Organisations working with foreign domestic workers (FDWs) have welcomed the possibility of stiffer jail terms for employers who ill-treat their maids by withholding food.
However, they said harsher penalties alone would not be enough to change things.
Ms Stephanie Chok, a case manager with the Humanitarian Organisation for Migration Economics (Home), believes consistent enforcement would be a more effective deterrent. She said Home's help desk regularly gets complaints from maids who say they are not given adequate food to eat.
Ms Chok said: "It is rare to see employers prosecuted for not providing adequate food for domestic workers. It seems only in the most egregious of cases that the Ministry of Manpower takes enforcement action. FDWs work long hours and need adequate nutrition and calories to stay healthy."
Meanwhile, Mr Yeo Guat Kwang, chairman of the Centre for Domestic Employees and the Migrant Workers' Centre, and Foreign Domestic Worker Association for Social Support and Training executive director William Chew said the fact that Singapore had to resort to stricter laws to compel employers to treat their helpers better did not cast a good light on the country.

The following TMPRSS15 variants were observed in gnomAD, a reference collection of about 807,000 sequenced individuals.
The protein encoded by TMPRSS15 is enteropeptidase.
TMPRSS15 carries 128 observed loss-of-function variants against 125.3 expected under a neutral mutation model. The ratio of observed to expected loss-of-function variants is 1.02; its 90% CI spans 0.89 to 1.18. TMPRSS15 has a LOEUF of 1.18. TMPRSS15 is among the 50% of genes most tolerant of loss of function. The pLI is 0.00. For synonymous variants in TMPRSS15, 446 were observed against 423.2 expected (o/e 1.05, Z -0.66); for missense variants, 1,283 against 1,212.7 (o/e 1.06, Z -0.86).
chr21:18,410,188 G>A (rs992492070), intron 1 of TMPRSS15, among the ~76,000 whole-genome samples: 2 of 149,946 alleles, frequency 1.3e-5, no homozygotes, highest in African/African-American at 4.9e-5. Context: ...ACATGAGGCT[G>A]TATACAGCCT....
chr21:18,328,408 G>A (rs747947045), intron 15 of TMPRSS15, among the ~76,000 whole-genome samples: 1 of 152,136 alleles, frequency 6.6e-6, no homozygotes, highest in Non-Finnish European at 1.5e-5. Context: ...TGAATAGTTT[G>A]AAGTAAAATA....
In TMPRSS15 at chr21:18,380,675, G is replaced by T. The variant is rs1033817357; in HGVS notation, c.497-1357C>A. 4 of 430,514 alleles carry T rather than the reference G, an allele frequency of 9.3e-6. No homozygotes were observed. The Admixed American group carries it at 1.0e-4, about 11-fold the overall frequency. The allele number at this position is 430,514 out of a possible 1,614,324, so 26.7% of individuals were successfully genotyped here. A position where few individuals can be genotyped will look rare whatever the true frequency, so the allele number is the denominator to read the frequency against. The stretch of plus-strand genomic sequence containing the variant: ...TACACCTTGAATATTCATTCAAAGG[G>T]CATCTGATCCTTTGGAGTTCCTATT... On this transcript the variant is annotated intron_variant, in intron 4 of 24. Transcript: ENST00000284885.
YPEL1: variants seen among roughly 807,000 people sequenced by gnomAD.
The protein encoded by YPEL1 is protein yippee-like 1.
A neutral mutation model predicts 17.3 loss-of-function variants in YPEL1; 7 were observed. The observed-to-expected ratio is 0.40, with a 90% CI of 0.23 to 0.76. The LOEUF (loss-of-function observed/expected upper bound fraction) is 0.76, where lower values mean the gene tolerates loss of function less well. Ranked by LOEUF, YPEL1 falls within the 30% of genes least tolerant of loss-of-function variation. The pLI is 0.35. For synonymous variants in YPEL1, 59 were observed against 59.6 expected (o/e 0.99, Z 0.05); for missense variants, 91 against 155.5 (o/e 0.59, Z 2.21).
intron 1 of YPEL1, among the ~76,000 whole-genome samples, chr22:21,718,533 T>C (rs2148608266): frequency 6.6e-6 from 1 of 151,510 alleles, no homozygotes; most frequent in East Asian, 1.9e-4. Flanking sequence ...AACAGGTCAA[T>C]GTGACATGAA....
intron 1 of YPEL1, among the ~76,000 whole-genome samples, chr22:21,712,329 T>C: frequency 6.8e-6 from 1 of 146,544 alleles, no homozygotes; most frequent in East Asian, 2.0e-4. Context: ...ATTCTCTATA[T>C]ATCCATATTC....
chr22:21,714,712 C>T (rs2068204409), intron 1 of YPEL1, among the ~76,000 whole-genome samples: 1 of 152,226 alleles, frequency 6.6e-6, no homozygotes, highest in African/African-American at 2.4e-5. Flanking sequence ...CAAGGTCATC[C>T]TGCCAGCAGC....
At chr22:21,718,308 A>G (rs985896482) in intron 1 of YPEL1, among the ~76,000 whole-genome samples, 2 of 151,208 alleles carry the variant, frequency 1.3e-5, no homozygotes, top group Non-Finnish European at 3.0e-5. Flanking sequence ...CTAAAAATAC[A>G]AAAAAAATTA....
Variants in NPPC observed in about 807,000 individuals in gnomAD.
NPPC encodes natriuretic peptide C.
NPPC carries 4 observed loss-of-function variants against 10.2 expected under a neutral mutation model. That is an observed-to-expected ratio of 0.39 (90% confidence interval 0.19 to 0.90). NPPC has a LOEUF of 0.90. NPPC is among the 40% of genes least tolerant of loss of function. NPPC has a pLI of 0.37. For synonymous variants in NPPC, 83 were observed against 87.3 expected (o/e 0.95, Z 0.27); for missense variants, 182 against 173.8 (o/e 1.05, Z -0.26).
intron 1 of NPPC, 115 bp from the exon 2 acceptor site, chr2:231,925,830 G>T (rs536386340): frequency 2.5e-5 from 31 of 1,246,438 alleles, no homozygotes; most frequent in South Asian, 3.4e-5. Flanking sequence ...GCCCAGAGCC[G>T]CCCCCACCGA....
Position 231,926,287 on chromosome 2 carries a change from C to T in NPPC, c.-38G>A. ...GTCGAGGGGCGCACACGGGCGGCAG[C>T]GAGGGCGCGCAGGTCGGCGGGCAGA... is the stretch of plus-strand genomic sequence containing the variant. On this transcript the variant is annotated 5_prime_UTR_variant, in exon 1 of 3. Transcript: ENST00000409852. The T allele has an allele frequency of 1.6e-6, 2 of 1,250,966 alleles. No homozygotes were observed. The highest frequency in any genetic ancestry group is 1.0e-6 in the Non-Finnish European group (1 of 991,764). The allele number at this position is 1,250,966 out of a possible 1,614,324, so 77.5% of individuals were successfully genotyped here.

While Mr Chew believes the harsher penalties would prevent more such crimes, he noted: "It is sad that we have to use penalties and punishments to get our people to treat humans with dignity."
Education and awareness must go hand in hand with stiffer terms, he said. "We must learn how to treat others well and work towards cultivating a warm society."
Mr Yeo said Singapore has to act fast to foster a cordial working relationship culture between employers and maids since demand for FDWs is set to rise from about 240,000 workers today to 300,000 by 2030 as the population ages.
He said: "We must ensure that all workers who are thinking of working abroad in this line to really consider Singapore as a choice destination. We have to spare no efforts in sending a positive signal to them."